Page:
So the mayors of the largest cities in Texas have gotten together to get $50,000,000 from the state to deal with homelessness--to be more exact, chronic homelessness. The Dallas Morning News is behind it, as stated in the leading editorial this morning.

Where is the $50m coming from? Who knows, but trust me, some prevention $$ somewhere will be cut to make it happen. The $3m that Dallas hopes to get will go primarily to The Bridge, the homeless assistance center, which has a $7million annual budget, which already gets $3.5million from the City of Dallas, which is also now going to get ALL of the County Emergency Shelter Grants funds (which used to be divided between 6 or 7 agencies that serve different homeless populations), which is also getting substantial funding from large foundations, which also does NOT serve familes or unaccompanied teens, which also serves only 10% of the homeless population, but which gets the lion's share of city, county, and now state funds allocated to the homeless.

Promise House receives $40,000 from the city through the Emergency Shelter Grant fund, none from the County (now that the Bridge gets it all--we used to get about $25,000 to pay utilities for our group home for homeless teen mothers), and none from the state. We serve over 7,000 teens and family members annually through prevention, intervention, and outreach services.

But the sqeaky wheel gets the grease, the loudest baby gets the most food, the important people get the ear of the king. And I mean the Bridge is a BIG baby that is in constant need of ALOT of food to keep it running and has many important people supporting it. Meanwhile, the rest of us who serve the majority of the homeless population (women with children, teens, families, battered women), are forgotten.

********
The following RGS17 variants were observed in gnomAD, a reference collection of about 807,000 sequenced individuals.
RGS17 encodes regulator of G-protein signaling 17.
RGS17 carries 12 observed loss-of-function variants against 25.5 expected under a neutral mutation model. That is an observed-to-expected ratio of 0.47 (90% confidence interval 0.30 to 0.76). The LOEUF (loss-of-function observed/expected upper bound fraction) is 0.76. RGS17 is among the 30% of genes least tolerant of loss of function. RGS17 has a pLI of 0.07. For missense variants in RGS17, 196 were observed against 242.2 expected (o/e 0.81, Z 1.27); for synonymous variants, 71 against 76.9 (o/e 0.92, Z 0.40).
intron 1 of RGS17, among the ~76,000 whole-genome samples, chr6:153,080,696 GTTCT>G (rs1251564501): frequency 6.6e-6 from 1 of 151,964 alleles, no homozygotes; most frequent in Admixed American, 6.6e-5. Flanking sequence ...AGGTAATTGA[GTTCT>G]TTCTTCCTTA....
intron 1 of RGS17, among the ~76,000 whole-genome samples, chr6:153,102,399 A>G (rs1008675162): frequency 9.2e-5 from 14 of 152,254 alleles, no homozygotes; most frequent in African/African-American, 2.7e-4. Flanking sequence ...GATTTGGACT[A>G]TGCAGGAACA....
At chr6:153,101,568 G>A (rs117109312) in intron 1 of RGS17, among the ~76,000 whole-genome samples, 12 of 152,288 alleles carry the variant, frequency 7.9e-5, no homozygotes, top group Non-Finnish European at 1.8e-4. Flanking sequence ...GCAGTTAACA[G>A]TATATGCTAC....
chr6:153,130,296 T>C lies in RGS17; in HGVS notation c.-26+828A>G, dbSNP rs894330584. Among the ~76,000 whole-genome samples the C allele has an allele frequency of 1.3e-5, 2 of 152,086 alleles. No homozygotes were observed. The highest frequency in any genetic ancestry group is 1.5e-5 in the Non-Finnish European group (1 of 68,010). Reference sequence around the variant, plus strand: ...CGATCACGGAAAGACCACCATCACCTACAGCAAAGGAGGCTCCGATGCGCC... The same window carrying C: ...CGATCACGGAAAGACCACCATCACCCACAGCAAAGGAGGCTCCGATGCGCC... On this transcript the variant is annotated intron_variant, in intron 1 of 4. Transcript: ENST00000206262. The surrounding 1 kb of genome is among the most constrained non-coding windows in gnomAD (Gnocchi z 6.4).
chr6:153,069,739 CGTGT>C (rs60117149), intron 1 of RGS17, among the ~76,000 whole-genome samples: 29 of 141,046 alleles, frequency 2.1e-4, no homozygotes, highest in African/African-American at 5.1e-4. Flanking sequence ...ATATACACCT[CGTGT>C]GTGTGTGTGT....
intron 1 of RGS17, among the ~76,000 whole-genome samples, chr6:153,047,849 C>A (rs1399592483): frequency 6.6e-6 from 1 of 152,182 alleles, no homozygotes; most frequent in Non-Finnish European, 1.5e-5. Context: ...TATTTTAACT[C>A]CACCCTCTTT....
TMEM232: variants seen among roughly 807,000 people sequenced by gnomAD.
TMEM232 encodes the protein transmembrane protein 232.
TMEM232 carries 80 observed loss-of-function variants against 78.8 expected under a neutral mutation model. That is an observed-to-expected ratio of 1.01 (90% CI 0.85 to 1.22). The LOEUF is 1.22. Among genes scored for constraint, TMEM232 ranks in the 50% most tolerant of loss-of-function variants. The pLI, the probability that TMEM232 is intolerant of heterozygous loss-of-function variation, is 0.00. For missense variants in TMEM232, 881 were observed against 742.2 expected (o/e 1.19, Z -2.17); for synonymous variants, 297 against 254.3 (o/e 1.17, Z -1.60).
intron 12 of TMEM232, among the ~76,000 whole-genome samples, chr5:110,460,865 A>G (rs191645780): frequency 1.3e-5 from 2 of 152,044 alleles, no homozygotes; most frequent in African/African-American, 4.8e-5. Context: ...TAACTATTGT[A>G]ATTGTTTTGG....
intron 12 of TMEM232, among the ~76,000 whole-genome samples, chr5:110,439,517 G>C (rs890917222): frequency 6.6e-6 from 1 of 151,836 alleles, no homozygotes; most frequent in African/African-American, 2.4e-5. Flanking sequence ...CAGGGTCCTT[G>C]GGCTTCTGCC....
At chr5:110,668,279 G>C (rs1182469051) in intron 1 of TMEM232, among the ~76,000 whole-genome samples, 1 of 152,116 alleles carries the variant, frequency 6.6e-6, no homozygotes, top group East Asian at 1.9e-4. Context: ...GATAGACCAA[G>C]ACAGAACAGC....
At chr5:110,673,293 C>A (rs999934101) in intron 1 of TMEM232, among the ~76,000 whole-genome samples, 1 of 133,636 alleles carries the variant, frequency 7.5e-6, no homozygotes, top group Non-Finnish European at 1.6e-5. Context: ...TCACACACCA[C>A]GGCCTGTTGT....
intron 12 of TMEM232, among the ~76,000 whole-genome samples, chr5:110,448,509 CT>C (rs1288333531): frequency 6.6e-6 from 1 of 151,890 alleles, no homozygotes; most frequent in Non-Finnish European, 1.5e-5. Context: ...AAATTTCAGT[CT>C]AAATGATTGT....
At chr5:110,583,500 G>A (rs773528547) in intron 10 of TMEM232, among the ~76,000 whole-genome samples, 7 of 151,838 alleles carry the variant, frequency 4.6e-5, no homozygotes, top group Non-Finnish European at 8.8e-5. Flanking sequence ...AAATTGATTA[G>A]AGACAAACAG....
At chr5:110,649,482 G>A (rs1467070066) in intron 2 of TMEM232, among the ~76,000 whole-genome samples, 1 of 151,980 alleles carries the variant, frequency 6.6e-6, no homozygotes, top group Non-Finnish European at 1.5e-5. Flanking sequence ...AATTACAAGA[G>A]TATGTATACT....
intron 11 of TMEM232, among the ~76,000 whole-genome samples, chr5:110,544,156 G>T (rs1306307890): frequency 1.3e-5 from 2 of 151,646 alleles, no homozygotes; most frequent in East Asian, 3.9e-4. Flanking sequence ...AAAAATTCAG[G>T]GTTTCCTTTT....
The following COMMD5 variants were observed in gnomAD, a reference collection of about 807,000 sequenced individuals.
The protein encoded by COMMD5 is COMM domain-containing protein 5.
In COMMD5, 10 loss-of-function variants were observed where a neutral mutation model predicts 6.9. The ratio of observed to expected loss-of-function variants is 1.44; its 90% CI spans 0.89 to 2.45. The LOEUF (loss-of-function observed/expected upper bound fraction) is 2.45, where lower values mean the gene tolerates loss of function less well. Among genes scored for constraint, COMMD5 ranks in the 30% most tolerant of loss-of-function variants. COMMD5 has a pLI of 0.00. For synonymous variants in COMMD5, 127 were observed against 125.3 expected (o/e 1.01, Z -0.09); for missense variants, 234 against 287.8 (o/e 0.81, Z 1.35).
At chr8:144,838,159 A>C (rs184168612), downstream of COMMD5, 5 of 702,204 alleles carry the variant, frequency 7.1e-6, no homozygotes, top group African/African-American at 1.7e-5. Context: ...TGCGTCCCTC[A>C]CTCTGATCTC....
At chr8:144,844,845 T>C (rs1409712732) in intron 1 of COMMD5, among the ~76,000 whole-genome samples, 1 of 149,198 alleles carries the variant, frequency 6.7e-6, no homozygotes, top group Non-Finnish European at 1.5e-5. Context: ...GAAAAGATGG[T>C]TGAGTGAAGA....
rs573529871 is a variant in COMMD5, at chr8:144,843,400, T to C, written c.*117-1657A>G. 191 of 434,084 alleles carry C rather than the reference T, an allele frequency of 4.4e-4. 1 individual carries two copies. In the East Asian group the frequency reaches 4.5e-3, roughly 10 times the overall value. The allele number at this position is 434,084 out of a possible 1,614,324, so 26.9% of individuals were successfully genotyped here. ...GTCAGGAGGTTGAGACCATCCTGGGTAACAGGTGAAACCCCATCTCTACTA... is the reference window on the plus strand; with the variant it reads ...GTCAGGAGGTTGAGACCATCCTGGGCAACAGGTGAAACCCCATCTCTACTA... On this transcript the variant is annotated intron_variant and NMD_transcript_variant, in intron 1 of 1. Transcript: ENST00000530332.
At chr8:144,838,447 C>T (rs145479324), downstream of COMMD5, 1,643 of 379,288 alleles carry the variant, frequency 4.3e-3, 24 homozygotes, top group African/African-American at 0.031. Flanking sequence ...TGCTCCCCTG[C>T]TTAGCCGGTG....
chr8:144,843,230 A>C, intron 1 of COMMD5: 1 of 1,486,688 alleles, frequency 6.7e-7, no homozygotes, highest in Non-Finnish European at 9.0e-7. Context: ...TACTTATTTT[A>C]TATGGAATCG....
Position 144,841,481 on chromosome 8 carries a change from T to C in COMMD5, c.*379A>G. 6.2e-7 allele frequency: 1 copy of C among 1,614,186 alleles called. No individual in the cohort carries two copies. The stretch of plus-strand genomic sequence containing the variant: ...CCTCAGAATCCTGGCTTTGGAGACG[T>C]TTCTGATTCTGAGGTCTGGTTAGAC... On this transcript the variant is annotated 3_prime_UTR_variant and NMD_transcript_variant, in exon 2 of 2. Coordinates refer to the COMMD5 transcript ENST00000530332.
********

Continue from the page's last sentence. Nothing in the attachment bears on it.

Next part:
I am NOT saying we don't need the Bridge. What I AM saying is that we need attention paid to the entire homeless population, not just the chronically homeless. And we need to be honest about the impact of the Bridge on the funding that is available for the rest of us. If you have a never-ending $7million mouth to feed added to the already existing mouths to feed, and the $7million mouth is louder and more important than the others, someone will go hungry! And it won't be the Bridge!

The irony is this: as I continuously lament, we will never end chronic homelessness in Dallas or anywhere else until we provide intensive help to the thousands of young people aging out of foster care, the juvenile system, or who have been separated from their homes through no fault of their own. THEY ARE THE NEXT GENERATION OF CHRONICALLY HOMELESS ADULTS. It makes me want to pull every hair on my head out THAT NO ONE IN HIGH PLACES GETS THAT!!!

Somebody in a high place PLEASE get that, and PLEASE get that it takes money to help these kids.

I am getting pretty hoarse.

Monday, May 4, 2009

Family Stories

I had dinner last night with my 87 year-old father. Unlike many 87 year-olds, my father has more energy than all of his kids combined. He is a horse breeder in Louisiana, has race horses, and still drives all over Louisiana and Texas. He is also a consumate story-teller. Funny, loud, never met a stranger, yarn spinner.